- Ensure consistency with colour and fonts. Pick a few of each (colours and fonts) and stick to them throughout your site. This helps create a cohesive browsing experience.
- Ensure that your ‘About’ page is up to scratch and portrays an image of you that speaks to your readers. Interested readers will visit this page, so make sure there is something interesting on it! Consider adding a picture, stating your point of difference, and if you’re confident enough, list a few of your achievements.
- Consider moving to Wordpress. Yes, I’m incredibly biased but WordPress gives you so many options than free blog platforms such as BlogSpot do. You are given full control over your layout and functionality, which can be a real blessing.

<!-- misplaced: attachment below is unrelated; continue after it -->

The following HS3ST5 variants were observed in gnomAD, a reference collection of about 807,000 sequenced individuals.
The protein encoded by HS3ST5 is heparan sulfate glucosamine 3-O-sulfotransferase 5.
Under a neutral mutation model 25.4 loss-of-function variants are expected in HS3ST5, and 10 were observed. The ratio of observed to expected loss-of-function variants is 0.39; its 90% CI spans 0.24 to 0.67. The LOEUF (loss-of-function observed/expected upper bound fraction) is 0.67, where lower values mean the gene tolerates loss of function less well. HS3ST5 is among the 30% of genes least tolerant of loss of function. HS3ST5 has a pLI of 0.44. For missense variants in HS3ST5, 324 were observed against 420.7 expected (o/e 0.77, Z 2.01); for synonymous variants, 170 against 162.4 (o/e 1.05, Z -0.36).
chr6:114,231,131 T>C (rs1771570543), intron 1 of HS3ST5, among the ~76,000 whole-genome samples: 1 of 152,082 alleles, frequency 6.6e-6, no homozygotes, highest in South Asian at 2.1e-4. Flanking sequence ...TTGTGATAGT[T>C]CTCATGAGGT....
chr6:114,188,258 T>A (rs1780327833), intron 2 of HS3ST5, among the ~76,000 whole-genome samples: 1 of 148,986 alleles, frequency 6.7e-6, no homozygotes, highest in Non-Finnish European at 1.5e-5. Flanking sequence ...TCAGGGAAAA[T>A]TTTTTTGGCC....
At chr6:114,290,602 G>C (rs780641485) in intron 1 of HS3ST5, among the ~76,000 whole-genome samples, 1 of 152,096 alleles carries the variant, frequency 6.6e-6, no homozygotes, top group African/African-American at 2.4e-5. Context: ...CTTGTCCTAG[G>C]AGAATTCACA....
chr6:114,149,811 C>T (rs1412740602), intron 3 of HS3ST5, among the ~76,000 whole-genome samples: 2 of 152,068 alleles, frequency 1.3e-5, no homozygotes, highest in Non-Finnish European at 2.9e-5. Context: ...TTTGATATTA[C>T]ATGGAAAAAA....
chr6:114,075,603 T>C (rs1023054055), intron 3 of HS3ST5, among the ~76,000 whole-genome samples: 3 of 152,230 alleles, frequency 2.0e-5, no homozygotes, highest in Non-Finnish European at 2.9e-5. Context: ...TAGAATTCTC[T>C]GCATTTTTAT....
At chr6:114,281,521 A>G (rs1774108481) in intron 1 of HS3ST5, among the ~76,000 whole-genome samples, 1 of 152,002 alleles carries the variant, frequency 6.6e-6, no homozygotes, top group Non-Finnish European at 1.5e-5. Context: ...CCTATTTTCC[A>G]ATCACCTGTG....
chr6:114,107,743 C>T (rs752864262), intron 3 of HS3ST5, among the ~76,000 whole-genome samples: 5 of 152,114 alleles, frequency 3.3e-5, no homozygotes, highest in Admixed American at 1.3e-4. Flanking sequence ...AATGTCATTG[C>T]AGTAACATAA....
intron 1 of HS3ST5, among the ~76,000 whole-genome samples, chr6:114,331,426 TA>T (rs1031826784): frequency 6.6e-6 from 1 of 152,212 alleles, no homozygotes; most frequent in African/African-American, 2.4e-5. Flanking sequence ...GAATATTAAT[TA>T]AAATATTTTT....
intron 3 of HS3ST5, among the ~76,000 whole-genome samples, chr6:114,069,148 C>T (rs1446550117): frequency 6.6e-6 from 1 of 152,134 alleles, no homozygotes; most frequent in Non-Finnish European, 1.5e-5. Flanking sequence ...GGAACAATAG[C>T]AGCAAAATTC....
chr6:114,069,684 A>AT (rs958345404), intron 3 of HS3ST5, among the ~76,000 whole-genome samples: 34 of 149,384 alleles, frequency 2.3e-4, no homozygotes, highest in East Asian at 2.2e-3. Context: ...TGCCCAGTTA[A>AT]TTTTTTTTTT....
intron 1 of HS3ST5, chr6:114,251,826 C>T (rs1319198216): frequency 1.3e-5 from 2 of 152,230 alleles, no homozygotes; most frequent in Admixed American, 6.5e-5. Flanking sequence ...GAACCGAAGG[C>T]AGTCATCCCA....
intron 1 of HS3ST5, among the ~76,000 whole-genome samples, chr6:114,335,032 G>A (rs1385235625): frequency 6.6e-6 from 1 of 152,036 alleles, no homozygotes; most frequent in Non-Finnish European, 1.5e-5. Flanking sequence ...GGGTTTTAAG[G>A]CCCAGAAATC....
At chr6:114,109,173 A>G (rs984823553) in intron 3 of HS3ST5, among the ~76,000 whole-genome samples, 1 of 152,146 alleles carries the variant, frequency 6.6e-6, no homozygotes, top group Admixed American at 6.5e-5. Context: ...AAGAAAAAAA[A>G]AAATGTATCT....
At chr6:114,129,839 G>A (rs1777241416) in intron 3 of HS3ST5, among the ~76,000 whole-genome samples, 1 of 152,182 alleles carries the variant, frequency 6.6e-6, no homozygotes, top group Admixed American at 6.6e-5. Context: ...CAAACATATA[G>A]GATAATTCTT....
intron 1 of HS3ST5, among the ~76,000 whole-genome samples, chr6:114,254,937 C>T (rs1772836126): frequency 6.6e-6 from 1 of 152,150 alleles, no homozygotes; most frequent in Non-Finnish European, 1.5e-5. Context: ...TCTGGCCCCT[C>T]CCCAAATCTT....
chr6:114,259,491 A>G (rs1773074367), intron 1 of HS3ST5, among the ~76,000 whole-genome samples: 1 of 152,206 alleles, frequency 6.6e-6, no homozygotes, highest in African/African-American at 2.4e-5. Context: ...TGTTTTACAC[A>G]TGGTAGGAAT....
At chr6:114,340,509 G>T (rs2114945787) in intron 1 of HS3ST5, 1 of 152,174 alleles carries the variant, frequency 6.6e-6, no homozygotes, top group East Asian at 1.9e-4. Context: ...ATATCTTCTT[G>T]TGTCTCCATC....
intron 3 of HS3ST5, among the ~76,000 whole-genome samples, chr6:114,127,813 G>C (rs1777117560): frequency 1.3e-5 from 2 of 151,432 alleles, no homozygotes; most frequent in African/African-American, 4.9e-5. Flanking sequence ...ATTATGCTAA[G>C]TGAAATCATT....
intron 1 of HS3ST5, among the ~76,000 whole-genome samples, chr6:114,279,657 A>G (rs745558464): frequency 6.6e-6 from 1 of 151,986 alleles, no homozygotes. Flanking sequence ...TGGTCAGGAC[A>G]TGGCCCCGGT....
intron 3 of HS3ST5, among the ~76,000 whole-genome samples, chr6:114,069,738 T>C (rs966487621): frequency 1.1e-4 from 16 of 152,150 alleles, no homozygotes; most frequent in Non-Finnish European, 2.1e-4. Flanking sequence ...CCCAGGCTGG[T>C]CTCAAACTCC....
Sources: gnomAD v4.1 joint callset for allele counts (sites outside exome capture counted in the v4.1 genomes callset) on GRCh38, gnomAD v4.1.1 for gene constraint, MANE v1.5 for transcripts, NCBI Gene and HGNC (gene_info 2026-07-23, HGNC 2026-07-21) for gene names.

Pay Attention to Usability
Creating a user friendly experience means people are less likely to get fed up, leave and never come back. Make the site as easy to use as possible. Consider the following:
- Make the site as easy to use as possible. Place everything of use within 1 – 2 clicks, remember: Every click is a chance to click away and leave.
- Audit your commenting system. Ensure there are as few hoops as possible to jump through. If you absolutely must have a CAPTCHA, then make sure there isn’t anything else preventing people from commenting as easily as possible.
- Cut down on bloat, get rid of things that dramatically increase loading time without adding any value. Everything should have a purpose and be useful to your readers. Carefully consider the merit of any add-ons and widgets you’ve placed on your side bar.
- Check out (and fix) any broken links. They’re bad for both users and search engines! On that note, keep your blog roll up to date and consider removing sites that haven’t updated for 6+ months.